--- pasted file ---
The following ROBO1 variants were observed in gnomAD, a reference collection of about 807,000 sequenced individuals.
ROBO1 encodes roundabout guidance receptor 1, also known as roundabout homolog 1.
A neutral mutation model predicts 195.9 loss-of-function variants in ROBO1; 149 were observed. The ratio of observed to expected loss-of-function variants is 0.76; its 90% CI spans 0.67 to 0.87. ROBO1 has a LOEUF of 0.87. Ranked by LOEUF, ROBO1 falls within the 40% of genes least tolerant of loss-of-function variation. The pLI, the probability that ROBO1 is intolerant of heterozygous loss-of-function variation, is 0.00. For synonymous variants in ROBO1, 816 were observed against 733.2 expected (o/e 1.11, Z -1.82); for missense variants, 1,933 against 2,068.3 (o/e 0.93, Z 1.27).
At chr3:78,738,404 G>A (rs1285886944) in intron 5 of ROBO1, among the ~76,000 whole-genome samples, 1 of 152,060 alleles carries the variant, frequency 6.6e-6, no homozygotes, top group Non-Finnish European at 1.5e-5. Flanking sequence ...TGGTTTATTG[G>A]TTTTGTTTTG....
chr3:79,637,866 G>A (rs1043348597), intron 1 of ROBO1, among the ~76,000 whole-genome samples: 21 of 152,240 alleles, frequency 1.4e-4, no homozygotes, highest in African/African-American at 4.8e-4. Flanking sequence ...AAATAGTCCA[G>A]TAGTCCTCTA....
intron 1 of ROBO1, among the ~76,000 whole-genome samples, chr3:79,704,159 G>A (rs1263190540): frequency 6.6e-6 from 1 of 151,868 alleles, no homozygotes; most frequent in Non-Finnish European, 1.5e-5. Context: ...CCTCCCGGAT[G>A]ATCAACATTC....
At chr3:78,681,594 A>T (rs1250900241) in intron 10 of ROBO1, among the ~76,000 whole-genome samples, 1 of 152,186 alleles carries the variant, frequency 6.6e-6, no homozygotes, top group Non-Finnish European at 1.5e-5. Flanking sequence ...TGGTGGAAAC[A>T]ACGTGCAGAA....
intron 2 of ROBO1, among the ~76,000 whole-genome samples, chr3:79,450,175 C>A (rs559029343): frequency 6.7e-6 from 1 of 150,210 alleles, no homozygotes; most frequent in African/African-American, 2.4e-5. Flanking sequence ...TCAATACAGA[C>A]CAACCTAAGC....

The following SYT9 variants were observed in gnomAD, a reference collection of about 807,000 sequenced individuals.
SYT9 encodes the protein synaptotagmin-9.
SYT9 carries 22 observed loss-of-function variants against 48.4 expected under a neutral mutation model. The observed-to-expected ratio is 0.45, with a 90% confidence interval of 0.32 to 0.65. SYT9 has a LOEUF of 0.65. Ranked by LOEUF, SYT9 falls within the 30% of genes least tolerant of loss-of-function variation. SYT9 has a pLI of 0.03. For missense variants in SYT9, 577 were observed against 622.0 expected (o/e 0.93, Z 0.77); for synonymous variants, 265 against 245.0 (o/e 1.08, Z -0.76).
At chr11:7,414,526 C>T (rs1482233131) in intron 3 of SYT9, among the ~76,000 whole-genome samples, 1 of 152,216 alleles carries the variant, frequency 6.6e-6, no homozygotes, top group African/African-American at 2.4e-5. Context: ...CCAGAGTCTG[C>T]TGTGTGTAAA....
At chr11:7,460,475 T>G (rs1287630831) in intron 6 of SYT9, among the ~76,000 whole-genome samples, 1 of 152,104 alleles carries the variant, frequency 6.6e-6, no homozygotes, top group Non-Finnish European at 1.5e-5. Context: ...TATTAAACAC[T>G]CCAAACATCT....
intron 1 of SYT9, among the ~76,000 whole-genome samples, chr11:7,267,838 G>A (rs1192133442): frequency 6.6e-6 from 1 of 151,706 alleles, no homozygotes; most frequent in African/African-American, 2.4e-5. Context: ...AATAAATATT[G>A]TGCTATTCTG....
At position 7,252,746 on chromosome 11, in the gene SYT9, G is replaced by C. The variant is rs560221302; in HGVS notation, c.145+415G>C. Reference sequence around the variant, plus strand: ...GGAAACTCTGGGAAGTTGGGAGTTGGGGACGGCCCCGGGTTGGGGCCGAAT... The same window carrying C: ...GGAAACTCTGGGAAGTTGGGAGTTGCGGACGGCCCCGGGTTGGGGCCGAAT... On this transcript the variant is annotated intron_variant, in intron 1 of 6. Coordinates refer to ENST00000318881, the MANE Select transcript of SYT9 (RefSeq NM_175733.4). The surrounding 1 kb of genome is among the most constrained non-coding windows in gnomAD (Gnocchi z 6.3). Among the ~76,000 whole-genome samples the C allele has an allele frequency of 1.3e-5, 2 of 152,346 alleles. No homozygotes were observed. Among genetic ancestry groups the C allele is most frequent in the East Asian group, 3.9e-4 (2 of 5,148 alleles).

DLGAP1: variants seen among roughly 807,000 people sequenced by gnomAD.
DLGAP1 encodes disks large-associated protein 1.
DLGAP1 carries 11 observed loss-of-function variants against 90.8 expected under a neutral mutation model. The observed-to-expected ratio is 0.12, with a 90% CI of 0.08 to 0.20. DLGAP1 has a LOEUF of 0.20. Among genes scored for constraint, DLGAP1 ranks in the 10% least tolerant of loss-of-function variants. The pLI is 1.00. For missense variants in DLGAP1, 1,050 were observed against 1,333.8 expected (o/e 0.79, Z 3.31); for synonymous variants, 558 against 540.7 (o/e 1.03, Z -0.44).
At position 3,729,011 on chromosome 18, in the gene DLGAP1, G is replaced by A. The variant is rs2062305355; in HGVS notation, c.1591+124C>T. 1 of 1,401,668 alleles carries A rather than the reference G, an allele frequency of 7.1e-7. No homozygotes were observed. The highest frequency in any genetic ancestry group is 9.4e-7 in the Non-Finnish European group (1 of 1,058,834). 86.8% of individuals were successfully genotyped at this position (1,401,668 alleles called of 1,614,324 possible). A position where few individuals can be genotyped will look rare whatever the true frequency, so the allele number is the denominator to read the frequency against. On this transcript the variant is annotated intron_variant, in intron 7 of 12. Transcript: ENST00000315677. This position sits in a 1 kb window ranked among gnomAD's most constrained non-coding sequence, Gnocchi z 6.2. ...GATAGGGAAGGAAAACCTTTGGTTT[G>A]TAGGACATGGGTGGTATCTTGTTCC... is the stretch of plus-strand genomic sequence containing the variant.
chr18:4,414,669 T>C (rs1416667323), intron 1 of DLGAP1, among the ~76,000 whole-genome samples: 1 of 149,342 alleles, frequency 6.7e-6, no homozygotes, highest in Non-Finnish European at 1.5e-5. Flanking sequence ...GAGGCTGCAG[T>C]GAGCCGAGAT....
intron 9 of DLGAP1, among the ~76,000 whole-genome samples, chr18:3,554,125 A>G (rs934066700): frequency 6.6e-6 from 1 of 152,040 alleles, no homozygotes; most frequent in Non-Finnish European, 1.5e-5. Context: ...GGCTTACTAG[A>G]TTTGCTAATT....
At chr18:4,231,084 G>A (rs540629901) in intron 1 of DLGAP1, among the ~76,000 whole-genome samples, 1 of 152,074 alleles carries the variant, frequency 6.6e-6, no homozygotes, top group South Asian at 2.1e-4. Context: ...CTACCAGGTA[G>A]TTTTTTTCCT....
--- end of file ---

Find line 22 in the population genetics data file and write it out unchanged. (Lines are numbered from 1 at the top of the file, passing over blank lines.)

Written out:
At chr18:4,231,084 G>A (rs540629901) in intron 1 of DLGAP1, among the ~76,000 whole-genome samples, 1 of 152,074 alleles carries the variant, frequency 6.6e-6, no homozygotes, top group South Asian at 2.1e-4. Context: ...CTACCAGGTA[G>A]TTTTTTTCCT....